WASHINGTON (Reuters) - U.S. Secretary of State John Kerry has spoken repeatedly in the last day to Saudi and Iranian officials to encourage dialogue and plans to call other officials in the region, the U.S. State Department said on Tuesday.
Saudi Arabia cut diplomatic ties with Iran on Sunday after Iranian protesters stormed the Saudi embassy in Tehran one day after the Saudi execution of a prominent Shi'ite cleric and 46 others on terrorism charges.
The estrangement between Sunni-majority Saudi Arabia and Shi'ite-majority Iran, regional rivals, threatens to undermine Kerry's efforts to broker a peace agreement to end the nearly five-year Syrian civil war.
In his calls, which include conversations with the Saudi deputy crown prince and the Saudi and Iranian foreign ministers in the last 24 hours, Kerry has stressed the importance of pushing forward on a peace deal for Syria, his spokesman John Kirby told reporters.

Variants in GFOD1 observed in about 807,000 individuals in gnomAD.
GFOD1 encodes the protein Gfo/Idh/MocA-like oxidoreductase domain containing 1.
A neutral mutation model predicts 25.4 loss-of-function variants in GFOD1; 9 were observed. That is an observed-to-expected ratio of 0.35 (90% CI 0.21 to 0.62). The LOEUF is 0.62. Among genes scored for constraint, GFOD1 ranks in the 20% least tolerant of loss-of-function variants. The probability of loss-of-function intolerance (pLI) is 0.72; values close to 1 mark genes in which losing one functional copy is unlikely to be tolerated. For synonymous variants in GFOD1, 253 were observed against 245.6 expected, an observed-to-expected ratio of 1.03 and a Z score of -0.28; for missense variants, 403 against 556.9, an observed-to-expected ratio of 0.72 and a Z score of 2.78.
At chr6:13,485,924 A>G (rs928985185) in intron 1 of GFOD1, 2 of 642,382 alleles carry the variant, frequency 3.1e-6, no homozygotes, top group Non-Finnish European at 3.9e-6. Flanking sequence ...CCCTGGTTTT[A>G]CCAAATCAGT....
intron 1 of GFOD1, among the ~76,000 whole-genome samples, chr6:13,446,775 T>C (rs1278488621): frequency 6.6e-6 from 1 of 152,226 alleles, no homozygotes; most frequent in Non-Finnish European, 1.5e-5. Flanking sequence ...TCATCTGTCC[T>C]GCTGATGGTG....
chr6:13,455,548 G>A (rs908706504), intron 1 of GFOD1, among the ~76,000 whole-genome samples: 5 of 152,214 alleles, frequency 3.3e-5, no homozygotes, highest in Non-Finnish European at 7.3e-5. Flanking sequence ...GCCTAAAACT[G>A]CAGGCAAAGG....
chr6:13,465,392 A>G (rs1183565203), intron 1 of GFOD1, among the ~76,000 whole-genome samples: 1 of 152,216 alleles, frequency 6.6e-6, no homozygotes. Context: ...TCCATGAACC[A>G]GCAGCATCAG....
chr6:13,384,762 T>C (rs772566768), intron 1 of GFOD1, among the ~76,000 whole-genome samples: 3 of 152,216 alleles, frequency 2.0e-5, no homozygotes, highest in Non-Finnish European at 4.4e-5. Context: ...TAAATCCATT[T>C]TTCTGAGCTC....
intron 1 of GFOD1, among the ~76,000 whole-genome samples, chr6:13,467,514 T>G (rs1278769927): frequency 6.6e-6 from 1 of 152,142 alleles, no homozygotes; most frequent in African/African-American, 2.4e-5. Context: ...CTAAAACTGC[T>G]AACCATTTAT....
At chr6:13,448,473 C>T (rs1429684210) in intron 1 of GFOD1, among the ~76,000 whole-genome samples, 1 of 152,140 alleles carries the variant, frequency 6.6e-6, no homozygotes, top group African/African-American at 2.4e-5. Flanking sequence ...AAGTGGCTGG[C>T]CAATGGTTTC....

"One of the key things on his mind is deescalate the tensions, restore some sense of calm, encourage dialogue and engagement between these countries, but also to make the point there are other pressing issues in the region," Kirby said.
"Not letting the Vienna process stall or fall backward is clearly top on his list," he said, referring to talks in the Austrian capital that brought Saudi and Iranian officials together to try to end the Syrian war.
Iran backs Syrian President Bashar al-Assad against rebels while Saudi Arabia has pushed for his ouster in a civil war in which at least 250,000 people have died and more than 10 million have been displaced internally or driven abroad as refugees.
The United Nations hopes to bring Syrian government and opposition officials into direct talks in Geneva on Jan. 25.
(Reporting by Lesley Wroughton and Arshad Mohammed; Editing by Cynthia Osterman)